Money is a powerful incentive for people to lie and indulge in bad behaviours. It is interesting to think that when people are shielded by the anonymity of being an employee there seems to be no need for ethics. Particularly as in most jurisdictions personal penalties do not exist or are incredibly rarely enforced.

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As I am myself, Patrick. 🙂

Perhaps we could work together on producing some honest marketing information.

From Wikipedia: “Consumerism is a social and economic order and ideology that encourages the acquisition of goods and services in ever-increasing amounts” for all sorts of reasons including:

1. Planned obsolescence
2. Marketing and peer pressure to replace working goods with new ones or more expensive products
3. The desire, conscious or otherwise, to impress others

Perhaps, if we wish to tackle misleading marketing, we could start with politicians?

“Consumer Protection from Unfair Trading Regulations 2008” deals with things such as misleading marketing. Maybe we (“consumers”) should compare what we regard as misleading against the requirements of this act and then ask our consumers’association to …..act. If we want to produce results we need to do more than just chat.

We are off topic here, I feel, when “Perhaps we could work together on producing some honest marketing information.” so I’ve put a comment in “The Lobby”.

Can’t quite remember how it worked now, but on one of my earlier mobile phones, you spoke the name of someone in your phone book rather than look it up. It never got the right person and it was quicker to find the person yourself rather than keep repeating the name. It would probably work much better on my current Samsung but I haven’t actually tried it.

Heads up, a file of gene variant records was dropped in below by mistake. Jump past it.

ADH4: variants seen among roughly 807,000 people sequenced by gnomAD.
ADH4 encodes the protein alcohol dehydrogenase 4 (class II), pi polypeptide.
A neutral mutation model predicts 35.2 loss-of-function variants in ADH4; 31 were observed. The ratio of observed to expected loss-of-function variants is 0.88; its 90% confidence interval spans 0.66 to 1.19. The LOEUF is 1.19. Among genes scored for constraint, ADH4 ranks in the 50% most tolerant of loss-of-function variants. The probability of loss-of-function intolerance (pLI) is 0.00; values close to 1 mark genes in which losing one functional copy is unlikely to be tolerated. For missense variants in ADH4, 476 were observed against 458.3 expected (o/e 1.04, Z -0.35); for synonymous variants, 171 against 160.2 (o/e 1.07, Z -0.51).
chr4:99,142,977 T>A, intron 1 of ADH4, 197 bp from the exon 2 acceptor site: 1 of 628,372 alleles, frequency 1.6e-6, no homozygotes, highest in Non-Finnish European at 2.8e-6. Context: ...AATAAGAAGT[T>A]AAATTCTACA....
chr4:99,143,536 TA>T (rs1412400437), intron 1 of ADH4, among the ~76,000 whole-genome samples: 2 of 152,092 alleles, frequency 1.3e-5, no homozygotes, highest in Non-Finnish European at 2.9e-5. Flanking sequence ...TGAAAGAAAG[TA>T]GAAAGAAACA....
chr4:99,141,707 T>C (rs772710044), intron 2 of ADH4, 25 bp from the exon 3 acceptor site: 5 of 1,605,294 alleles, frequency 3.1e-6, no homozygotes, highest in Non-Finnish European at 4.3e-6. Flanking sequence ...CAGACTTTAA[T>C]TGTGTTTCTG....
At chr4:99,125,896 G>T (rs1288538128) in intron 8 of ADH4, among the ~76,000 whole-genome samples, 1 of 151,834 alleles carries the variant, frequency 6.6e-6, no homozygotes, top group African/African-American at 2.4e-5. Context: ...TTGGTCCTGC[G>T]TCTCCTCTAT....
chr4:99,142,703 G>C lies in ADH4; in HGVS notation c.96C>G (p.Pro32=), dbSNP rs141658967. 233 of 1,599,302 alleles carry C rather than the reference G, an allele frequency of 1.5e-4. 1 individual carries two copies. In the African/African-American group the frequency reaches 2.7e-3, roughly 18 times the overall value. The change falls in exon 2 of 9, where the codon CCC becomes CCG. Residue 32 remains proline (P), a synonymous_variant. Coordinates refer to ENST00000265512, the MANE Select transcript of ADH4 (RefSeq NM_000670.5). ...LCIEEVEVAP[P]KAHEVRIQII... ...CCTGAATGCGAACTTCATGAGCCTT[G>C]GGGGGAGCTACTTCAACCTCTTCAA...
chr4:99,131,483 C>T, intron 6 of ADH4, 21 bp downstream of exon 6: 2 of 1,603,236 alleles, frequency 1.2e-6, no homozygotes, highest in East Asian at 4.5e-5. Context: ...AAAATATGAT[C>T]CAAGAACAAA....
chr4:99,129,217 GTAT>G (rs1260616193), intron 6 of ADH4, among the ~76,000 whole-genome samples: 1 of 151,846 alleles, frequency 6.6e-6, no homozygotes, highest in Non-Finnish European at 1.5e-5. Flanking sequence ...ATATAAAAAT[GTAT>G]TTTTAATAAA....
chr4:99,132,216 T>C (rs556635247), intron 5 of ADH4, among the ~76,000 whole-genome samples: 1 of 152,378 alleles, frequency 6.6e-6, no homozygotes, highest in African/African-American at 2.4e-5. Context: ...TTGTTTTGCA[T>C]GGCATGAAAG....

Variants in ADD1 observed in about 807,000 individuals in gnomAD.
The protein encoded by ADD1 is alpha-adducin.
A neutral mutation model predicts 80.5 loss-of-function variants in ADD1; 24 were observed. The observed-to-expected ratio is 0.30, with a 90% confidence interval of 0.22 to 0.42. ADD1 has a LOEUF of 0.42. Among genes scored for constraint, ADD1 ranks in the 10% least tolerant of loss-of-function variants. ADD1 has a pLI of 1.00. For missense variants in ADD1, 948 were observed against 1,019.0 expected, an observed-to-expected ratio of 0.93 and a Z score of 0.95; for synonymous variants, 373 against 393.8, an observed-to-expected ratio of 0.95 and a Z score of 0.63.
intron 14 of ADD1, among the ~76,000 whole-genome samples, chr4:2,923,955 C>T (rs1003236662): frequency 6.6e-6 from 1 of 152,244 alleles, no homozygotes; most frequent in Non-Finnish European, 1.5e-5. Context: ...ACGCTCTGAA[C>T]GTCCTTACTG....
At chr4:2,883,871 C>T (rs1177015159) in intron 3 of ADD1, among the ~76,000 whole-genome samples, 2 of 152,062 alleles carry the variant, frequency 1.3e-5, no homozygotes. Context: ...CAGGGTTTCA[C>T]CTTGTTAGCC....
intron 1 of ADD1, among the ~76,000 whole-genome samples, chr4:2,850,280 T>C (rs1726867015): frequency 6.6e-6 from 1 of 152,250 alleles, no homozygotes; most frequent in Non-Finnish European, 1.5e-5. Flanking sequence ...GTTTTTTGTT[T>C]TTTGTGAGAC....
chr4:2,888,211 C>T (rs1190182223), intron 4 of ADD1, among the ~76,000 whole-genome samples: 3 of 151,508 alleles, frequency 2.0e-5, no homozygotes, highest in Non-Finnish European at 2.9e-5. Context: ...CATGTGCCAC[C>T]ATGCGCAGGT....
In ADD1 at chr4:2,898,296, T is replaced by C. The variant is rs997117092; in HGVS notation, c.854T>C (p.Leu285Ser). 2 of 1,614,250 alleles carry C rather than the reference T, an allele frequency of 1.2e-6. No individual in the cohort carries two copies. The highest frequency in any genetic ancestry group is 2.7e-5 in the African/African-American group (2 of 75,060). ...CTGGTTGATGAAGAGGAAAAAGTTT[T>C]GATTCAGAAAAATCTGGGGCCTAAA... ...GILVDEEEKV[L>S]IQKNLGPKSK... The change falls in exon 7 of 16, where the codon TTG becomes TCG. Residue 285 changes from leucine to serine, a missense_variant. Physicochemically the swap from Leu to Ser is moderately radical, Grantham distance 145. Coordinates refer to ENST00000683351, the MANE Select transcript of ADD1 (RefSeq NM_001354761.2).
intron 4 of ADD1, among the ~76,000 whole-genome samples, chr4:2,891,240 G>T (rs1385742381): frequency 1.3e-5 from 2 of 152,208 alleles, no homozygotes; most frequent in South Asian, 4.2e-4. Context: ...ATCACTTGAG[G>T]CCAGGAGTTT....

I’m sure most of us have phoned a company only for a computer voice to answer and ask you questions. Name and account number are never a problem, but it gets rather frustrating when asked for the nature of the call especially when your query doesn’t fit into their vocabulary. Sky are fun…..

Voice: Please tell me why you are calling today.
Me: Intermittent broadband.
Voice: You want to set up broadband, is that right?
Me: No.
Voice: Please tell me again why you are calling today.
Me. Broadband keeps dropping out.
Voice: You dropped your broadband box, is that right?
Me: No.
Voice: Please tell me again why you are calling today.
Me: I want to speak to an operator.
Voice: Sorry, I haven’t been able to understand your question, please wait while I connect you to an operator. 😫

Okay, some of that was made up (but not by much), but you get the gist.

There’s a TV ad where someone runs out of cereal and asks their virtual assistant (Cortana?/Alexi?/something else?) to order more cereal. Is it really that simple? How does it know which cereal to order?

One thing I hate about restaurant seating is sitting on a table for 2 just inches away from strangers on the next table when you have no choice but to hear all their conversations and they can hear every word you say also. There are some restaurants that only have a few tables I don’t mind sitting at so I will try to book specific tables and if they don’t have them don’t go. A computer would have a problem understanding that scenario.

There is no doubt computer interaction is improving all the time, but I think I will let others be the guinea-pigs for now.

Don’t computers use something called ‘lookup tables”. Maybe they could help with restaurant seating.

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I know, Duncan, but it was intended as a joke – prompted by Alfa’s anecdote.

For fans of Google Assistant: https://www.youtube.com/watch?v=XdZXpFBvTP8